This morning I went to the Building our Future breakfast sponsored by Greater Halifax Partnership at the Delta Halifax. I have been critical of the entire “Bold Halifax” campaign from the start, but I went with something of an open mind—I didn’t think I would change my opinion of the campaign, but I thought I might better understand where the organizers were coming from. Maybe I would learn something.
One problem was obvious from the start: it was a self-selecting group. I think most everyone there was there on someone else’s dime—the $50 fee ($40 for GHP “investors”) was paid for by a government, a corporation, a college. I wrote off my $50 ticket as a business expense, too. It’s possible some of the Fusion members paid their own discounted $20 entry fee, but even so, there wasn’t much diversity in the room—I saw exactly two visible minorities, for instance. The room was a sea of people in business suits. Panel member Danny Graham commented on the lack of diversity, noting that a lot of people wouldn’t be at the breakfast because they were out working, “trying to survive.”
But the bigger problem was that I never found out, exactly, what “bold” is. And there was a basic contradiction at work: The entire premise of the breakfast was to encourage people to become bold, implying that boldness is a quality we lack but need to attain. But nearly every speaker told us that they were already bold.
For instance, Chronicle Herald president Mark Lever told us that his company had become bold when it decided to “stop looking at the past” and trying instead to innovate, even if that meant a few failures (that was an interesting spin coming just weeks after laying off a quarter of its newsroom). The fellow from RBC (sorry, didn’t catch his name) told us that the bank was being bold by opening storefront banks with iPads and using Facebook. Colette O’Hara, of the Red Balloon PR firm, said she has demonstrated her boldness by “breaking rank” and hugging people when they expected a handshake. Adam Hayter, of Fusion, said he boldly stayed in Halifax instead of moving out west after college. Graham told us that Tim Merry’s public consultations for the library were bold. Phil Otto of the Revolve PR firm said amalgamation was bold. An audience member said the city’s Solar City program was bold. Gloria McCluskey said Francis Fares is bold. “I’m all about being bold,” said the new GHP president Michele McKenzie. Deciding to build the new convention centre was bold, said Trade Centre Limited president Scott Ferguson.
So as I understand it, Halifax is woefully lacking in boldness as a collective, and it’s something we should aspire to, but everyone you ask is already bold individually. This is akin to the social dance swingers go through when meeting new people: Everyone is privately bold, but you can’t have the bold orgy until it’s out in the open.
Early on, moderator Fred Morley told us that Halifax has a lot of great things going for it: the universities, the hospitals, the scenery, etc. (he left out my favourite, the time zone). But, continued Morley, “the missing ingredient seems to be the right attitude.” Boldness, then, must be a mindset. This encouraged a stream of psychobabble from O’Hara, who mentioned a Buddhist parable about 1,000 paths leading to the summit, and it doesn’t matter which one you’re on, so long as you’re on one—boldness, then, is whatever we want it to be, so long as it’s going up. Of course then we’ve got to define what “up” means in the context of breakfast encouragement, so we’re stuck in a sort of analogical drift, the mountain analogy replacing the bold analogy, but bringing us no closer to understanding. We’re just as omless as when we started.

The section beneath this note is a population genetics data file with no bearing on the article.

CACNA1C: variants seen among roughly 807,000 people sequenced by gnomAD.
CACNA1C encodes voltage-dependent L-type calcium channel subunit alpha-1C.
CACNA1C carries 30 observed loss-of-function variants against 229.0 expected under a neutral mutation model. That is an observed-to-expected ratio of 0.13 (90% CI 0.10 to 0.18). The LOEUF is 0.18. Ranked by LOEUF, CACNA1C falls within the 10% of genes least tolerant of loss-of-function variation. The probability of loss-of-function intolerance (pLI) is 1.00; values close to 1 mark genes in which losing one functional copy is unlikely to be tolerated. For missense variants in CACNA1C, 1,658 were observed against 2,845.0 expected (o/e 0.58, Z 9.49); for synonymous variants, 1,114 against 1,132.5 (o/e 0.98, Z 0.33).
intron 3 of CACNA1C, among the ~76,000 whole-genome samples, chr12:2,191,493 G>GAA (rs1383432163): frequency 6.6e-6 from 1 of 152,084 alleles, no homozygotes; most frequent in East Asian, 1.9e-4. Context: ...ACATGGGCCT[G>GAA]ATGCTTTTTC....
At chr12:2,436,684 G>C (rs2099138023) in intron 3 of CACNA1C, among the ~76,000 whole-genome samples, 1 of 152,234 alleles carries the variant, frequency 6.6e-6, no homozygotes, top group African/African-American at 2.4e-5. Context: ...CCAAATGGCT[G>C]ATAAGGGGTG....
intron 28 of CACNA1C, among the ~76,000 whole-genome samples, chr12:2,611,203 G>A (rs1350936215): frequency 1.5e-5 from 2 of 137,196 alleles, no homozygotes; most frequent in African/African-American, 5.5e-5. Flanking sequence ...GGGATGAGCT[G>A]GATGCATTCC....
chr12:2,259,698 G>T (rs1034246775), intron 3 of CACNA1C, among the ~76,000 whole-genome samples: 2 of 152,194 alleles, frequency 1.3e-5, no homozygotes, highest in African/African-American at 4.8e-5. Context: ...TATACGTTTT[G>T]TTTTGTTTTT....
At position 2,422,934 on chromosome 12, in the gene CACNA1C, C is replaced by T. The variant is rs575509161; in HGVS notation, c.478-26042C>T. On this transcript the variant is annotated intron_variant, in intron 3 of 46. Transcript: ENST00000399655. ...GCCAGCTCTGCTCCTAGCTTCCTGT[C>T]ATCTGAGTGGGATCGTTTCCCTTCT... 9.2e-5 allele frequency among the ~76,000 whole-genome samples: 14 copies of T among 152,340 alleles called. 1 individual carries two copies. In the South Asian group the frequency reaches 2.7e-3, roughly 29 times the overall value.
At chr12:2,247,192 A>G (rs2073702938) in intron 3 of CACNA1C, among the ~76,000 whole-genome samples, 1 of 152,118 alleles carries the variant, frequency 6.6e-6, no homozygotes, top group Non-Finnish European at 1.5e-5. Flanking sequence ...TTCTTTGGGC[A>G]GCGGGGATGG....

Nevertheless, O’Hara told us the “we shouldn’t be down at the bottom yelling at people, telling them that they’re on the wrong path.” Mayor Mike Savage echoed the sentiment, saying that “it’s not positive to call other people negative.” “Being bold is not about silencing criticism, but having solutions,” agreed Morley. But then Phil Otto ruined the moment by saying if Haligonians didn’t get on page, we’d end up “looking like New Minas,” which was very definitely a negative assessment of that valley town.
As the breakfast proceeded—and for 50 bucks, couldn’t we have had some table service?—I couldn’t stop wondering what the point of the exercise was. No one was writing anything down. There were no flow charts scrawled on butcher paper, no sticky notes, no plan, no strategy, to get from Point A boldlessness to Point B boldness.
The breakfast felt a bit like those cheerleading competitions where’s there’s not a team to cheer for, except the cheerleading squad itself. Now imagine a competition of the people cheering on the cheerleading squads, and you’ve got the experience in a nutshell.
And if there’s anything substantively different between this morning’s breakfast and a similar gathering a decade ago, I don’t know what it would be. Oh, that reminds me of this wonderful video of many of Halifax’s business community who attended the Tony Robbins event at the Metro Centre in 2008:
Some things never change.
Undoubtedly I’ll be accused of “negativity” and worse for writing this post, but I honestly can’t see the point of the bold exercise, unless it’s simply to transfer cash to a couple of PR firms.